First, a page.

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system. the dashboard system today is a series of on going support of various health plans. today we'll look at our city plan through 2013. we'll be looking at the merging cost and auto utilization for our active and retirees. the majority of the participating city plan are in the retirement program. the numbers look very good for this group of folks. in contrast, the membership has decrease in our active early retiree pools and those that
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have either catastrophic illness and those with no other options live outside of the blue shield or kaiser service areas. so, what we've done with this particular dashboard is really conducted a deep dive in our areas of concern. so to that end we are not looking at necessity depth of our retirees. our areas will look at the areas of concern in the active city plan as well as our early retiree. in the report contents, again we'll be looking at our claims and auto evasion -- utilization for inpatient and outpatient and numbers that we do in the dashboard and we have that separate analysis where we have separated out the heche population to use as a comparative and some notes about the report which
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everything is reported on a basis and any of the increase percentages we provide in the dashboard. at this point i'm going to turnover the presentation to my colleague. >> good afternoon, dr. payton. members of the commission, supervisor ferrel. what i would like to do today is give you an update since i was last here about a year ago. first we'll talk about act ifs and then move to early retirees. if you look at the graph i think it's quite visually noticeable that there is a downward trend. what
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you will notice is that the active rate has been reduced 20 percent. the active membership should they trend continue is projected to be less than 100 members by 2015. of those 700 members 70 are heche members. just to put in perspectives with those numbers. with the declining trend you are seeing
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an increase in age. what i will notice is that the city plan is a ppo model, a preferred provider organization which is a health maintenance organization. but even given that difference you will notice there is an almost that the cost on a member per month basis is twice blue shield and even more on the part of kaiser. and you will also notice that if you compare the two groups that you will find that the city plans on an annual basis it's not an end point basis.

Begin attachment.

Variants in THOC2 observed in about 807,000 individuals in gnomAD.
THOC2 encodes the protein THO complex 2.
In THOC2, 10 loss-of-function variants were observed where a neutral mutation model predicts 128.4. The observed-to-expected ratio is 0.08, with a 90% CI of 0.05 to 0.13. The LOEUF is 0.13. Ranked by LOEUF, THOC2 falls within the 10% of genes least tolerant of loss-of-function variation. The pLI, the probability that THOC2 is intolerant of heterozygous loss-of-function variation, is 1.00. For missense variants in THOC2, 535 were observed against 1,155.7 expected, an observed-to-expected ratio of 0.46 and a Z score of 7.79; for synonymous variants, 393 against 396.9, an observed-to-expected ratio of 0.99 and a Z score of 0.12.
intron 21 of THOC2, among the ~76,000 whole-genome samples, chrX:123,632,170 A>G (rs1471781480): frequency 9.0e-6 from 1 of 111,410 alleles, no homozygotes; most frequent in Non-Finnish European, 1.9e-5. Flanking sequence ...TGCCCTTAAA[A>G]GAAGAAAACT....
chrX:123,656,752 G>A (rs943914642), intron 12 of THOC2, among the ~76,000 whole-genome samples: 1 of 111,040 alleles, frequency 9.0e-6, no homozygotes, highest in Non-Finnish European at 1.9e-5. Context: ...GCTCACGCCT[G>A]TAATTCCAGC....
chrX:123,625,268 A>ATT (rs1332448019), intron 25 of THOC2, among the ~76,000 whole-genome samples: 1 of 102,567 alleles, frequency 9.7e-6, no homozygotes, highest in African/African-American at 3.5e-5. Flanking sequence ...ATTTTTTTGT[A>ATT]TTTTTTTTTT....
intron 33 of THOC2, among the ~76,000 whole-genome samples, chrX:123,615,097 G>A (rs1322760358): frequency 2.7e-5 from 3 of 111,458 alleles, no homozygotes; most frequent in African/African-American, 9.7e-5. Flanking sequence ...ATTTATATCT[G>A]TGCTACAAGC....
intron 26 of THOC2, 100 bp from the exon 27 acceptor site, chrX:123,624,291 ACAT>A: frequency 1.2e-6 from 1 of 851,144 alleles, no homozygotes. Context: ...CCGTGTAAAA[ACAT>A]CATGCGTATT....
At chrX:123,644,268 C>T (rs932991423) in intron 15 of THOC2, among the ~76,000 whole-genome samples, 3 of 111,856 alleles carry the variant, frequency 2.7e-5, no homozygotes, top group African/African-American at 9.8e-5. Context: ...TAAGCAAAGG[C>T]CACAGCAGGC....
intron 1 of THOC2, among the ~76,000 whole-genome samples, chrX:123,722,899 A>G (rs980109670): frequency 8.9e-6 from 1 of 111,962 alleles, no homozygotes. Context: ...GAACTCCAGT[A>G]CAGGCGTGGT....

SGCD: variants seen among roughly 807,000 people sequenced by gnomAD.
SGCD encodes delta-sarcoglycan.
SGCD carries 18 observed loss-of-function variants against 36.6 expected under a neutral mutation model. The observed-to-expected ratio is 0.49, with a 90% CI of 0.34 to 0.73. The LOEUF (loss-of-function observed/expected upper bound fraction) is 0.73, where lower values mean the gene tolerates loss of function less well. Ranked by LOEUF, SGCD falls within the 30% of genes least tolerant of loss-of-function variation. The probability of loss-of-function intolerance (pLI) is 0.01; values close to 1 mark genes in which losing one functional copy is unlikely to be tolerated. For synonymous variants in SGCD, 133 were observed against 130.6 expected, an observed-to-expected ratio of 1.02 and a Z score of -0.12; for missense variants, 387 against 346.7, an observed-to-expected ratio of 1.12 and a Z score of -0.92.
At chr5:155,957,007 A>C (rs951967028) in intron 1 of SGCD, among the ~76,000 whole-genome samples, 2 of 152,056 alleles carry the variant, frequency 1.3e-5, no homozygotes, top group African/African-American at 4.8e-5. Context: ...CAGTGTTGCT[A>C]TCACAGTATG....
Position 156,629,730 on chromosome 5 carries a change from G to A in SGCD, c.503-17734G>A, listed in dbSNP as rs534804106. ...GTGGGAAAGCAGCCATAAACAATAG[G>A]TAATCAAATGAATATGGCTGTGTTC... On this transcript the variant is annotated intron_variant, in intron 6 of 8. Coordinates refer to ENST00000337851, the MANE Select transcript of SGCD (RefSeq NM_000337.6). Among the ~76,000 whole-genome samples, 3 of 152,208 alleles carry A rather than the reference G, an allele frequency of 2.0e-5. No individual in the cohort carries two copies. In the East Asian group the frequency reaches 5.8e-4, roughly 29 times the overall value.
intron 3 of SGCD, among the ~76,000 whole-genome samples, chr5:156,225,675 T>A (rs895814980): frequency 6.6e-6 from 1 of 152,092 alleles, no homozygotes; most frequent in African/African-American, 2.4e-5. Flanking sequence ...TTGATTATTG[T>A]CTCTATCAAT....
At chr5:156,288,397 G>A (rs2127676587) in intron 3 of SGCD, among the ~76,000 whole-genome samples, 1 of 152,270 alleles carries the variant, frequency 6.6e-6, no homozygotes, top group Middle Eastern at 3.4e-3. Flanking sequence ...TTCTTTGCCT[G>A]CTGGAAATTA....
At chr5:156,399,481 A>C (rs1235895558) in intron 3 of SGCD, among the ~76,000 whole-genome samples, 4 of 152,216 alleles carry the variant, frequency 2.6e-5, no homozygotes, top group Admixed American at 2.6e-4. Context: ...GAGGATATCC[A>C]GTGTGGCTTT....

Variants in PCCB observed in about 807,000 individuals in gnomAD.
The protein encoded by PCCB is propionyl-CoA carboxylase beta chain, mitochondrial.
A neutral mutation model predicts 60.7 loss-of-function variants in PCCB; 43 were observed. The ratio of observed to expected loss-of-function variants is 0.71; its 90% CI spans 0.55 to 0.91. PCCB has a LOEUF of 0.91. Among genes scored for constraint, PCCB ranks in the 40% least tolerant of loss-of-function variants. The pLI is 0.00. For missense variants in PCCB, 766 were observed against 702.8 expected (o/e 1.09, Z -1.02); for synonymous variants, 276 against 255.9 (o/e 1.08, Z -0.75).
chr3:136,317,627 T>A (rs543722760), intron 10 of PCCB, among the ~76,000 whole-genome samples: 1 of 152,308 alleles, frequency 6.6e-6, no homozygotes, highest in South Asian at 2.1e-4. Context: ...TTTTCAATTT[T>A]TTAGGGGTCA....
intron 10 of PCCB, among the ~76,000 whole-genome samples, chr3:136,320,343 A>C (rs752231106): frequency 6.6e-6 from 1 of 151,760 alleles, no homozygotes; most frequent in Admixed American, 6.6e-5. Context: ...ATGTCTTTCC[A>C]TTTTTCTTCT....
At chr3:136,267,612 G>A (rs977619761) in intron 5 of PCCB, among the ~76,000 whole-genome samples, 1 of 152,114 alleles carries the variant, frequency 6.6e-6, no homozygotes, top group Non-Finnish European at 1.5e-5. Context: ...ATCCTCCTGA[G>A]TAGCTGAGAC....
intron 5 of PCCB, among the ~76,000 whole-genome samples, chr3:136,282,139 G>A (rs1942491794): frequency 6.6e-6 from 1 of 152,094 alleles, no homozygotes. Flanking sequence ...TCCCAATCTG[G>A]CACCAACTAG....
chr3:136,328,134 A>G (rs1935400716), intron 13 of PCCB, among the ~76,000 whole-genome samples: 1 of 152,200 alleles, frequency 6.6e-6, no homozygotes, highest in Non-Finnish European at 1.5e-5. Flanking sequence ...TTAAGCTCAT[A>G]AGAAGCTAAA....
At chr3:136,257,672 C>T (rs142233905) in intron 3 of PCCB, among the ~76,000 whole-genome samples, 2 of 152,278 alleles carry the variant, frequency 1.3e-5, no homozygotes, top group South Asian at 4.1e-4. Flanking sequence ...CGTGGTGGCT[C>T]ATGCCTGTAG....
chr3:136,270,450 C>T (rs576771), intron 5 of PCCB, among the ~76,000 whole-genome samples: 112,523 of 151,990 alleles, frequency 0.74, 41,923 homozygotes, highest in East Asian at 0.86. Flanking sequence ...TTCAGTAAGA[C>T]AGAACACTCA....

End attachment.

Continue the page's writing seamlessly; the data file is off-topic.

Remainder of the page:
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blue shield is 37 and kaiser is 35. what that does if you are looking at a demographic factor rating whereas 20 is a 1, 40 is a 2, you will see that the city plan because of their age, their demographic factor applied to the rate is 2.29 versus kaiser which is 1.56 because of the cost in the age. this is a very significant issue. what you also noticed even with that, in spite of the decreasing membership that cost continue to grow year over year 13 percent last year which is above the national trend. moving on to page 5, here what we are looking at is the total cost per member per month, what we are looking at you will see
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the city active per member cost increased about 7.5 percent from 2008-2013. the drug cost alone increased 100 percent where as the average drug increase is about 15-17 percent and the city plan at about 22 percent -- annual increase of 37 percent or higher. the heche population cost for inpatient and outpatient. that will be if you are looking at your colored chart, the orange and tangerine. i'm not good at colors. art is not one of my fortes. their inpatient and outpatient cost are only 248 versus 727 for all. so, again
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they are not only younger, they are not utilizeers. moving on to page 6. what you will see here is looking at the admits per thousand. there has been a decrease in the rate of admits moving from 83.2 percent to 65.2 percent. i'm sure doctor will agree, 83.2 percent is a high average. given it's a ppo model, you watch it. however, one of the things that is noted is that because of the low membership, you have a lot of variability in the rates from year to year. and that's why you see some variability between reporting periods. one of the things again drawing out
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. heche just to add to the discussion had no admits in the last 3/4. >> on slide it should be 65.2. >> yes. i'm sorry. there was an error. >> these are admissions into the er. if we move on to page 7.